On Priestly Celibacy


Tonight, allow me to share to you a thought on carrying one’s cross. Today’s Gospel talks about giving up everything in order to follow Jesus. How do we best live up to the standards of Christianity in our own ways?

Father Roy Cimagala, chaplain of CITE in Talamban, Cebu City, shares to us on his Facebook notes page the joys of priestly celibacy. In this way, may we reflect on how we as Christians love the sweet load that is given to us as much as priests like Father Roy try to live out to the standards imposed by Jesus himself, especially in the context of today’s gospel readings.

     I KNOW I am treading on dangerous water here. But I feel the issue has to be aired somehow. Priestly celibacy just cannot be marginalized, especially now when it is vastly misunderstood and a persistent wave of misconceptions continues to assail it.

    There are those who think that priestly celibacy is just an ecclesiastical law meant perhaps to serve some practical purposes in the life of the priest and of the Church.

    For sure, there is a good amount of practicality in a priest leading a celibate life. For one, it would make his life simpler, largely undisturbed by domestic concerns. The priest’s heart, time and attention could get more focused, more undivided for God and others if he is celibate.

    The Church leaders, bishops in particular, who are supposed to take care of their priests even financially, need not worry about having to support the families of these priests. The Church can run more smoothly with celibate priests.

    But there are those who also think that a priest can manage to work properly and even to be holy without being celibate. Proof of this, they say, is the growing number of married people who are also very active in Church affairs and thus are practically working like priests themselves.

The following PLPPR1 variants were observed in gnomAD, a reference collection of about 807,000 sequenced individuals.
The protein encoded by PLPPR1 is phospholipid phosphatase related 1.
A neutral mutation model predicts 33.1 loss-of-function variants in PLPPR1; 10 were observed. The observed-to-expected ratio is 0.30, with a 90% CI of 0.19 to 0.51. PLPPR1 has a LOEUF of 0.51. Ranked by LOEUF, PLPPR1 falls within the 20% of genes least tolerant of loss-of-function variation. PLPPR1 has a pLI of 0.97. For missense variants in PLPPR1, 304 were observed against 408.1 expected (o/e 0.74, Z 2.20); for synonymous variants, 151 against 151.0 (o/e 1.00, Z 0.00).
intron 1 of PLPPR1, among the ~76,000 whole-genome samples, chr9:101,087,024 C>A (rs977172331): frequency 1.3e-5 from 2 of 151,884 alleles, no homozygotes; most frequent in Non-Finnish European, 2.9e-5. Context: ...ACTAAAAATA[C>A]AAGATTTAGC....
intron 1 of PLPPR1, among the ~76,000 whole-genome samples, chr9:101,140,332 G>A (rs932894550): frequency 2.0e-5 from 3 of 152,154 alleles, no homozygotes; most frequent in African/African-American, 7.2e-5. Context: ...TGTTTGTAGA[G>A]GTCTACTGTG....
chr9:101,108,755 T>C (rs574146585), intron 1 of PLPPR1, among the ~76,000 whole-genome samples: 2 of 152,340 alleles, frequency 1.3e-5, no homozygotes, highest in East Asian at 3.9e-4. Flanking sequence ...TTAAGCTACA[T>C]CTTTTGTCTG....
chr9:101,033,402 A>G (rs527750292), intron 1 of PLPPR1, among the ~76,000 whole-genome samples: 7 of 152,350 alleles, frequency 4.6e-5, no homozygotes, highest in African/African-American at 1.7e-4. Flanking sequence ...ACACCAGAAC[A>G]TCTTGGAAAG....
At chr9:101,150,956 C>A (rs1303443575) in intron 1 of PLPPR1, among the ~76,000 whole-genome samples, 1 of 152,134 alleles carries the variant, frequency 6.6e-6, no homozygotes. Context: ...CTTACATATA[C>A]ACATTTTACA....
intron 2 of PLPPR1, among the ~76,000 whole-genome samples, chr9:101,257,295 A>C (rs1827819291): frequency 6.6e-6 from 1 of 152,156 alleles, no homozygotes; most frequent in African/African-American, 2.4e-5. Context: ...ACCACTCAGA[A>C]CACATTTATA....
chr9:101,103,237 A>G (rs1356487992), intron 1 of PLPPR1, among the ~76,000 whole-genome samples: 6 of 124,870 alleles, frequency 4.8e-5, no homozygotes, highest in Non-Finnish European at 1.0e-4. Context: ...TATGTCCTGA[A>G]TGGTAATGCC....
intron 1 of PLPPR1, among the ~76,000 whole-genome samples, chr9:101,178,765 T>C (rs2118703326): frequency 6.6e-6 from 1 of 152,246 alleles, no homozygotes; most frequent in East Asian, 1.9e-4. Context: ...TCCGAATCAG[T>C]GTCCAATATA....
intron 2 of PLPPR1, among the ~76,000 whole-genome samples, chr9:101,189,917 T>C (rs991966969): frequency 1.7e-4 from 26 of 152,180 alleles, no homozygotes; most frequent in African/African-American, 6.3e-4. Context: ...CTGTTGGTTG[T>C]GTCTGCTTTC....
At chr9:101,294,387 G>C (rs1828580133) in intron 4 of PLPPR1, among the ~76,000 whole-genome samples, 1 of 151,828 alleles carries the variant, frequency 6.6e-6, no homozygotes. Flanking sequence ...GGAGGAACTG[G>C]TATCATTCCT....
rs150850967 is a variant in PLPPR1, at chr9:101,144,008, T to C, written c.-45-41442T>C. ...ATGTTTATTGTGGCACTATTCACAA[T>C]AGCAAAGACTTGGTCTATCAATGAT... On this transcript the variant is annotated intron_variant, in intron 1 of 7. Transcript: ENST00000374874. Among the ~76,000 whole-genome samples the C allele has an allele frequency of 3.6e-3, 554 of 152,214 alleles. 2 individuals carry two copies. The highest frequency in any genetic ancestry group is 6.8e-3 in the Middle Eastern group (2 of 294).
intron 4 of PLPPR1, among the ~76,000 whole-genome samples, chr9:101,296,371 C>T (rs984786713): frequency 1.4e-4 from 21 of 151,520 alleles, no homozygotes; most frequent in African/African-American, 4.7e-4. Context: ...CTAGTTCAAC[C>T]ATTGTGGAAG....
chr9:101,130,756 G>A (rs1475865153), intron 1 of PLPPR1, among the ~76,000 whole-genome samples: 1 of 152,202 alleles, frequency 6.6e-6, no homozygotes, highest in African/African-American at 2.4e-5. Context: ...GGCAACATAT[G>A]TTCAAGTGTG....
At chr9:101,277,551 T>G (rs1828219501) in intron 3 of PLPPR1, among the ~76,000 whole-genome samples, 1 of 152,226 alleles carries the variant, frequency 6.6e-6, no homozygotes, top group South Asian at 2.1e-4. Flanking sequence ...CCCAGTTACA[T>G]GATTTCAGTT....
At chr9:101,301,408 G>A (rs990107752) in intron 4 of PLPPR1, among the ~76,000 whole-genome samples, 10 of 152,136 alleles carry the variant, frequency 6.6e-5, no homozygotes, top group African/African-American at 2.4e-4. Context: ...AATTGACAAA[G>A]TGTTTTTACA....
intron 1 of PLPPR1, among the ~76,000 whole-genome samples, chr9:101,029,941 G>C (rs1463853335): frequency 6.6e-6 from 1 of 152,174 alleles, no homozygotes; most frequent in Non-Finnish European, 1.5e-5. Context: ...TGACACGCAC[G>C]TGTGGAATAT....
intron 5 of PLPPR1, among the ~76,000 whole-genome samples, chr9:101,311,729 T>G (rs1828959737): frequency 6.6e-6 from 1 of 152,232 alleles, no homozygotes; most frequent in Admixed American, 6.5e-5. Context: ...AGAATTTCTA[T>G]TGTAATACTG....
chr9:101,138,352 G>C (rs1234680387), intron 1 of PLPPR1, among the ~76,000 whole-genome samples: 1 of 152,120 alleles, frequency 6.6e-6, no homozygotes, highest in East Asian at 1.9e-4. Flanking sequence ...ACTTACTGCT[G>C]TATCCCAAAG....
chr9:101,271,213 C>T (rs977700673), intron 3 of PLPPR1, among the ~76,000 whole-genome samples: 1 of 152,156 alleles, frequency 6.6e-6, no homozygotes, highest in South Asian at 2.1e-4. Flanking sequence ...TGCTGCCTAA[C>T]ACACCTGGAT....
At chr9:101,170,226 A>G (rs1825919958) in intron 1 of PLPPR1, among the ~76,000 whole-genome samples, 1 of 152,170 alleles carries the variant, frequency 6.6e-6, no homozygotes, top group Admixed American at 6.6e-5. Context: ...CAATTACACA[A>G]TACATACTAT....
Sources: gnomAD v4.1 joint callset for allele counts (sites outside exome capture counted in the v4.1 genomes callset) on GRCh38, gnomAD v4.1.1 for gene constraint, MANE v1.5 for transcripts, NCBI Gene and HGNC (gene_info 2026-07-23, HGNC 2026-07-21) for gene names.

Some even say that these lay people can be more dynamic and effective than some priests. So, why can’t priests be considered like them? Or at least, why not make priestly celibacy optional? For those who want it, fine. But please don’t impose it on everyone!

    They claim that priests are also men and that they have certain needs that cannot be met in a celibate life. To rub it in, they say that many priests are actually not leading continent or chaste life. Ok, the point is made. Pertinent pieces of evidence are aplenty. So let’s stop there.

    We can actually go on and on with the pros and cons of priestly celibacy. I imagine that arguments, examples and statistics to support both sides will never be lacking. But I think we would be missing the point if we frame this issue within the parameters of practicality, human needs and ecclesiastical law alone.

    The law on priestly celibacy is not just about practicality. It has a deeper reason. And ultimately it rests on the truth that priests are conformed to Christ as head of the Church. They act “in persona Christi,” and as such, they are expected to live like Christ in his full status as the Son of God who became man to redeem mankind.

    Priests are the sacramental image of Christ wherever they are, 24/7. While their priesthood is most lived when they renew the sacrifice of Christ’s on the cross in the Holy Mass, they continue to be “in persona Christi” even in their sports, shopping and sleep.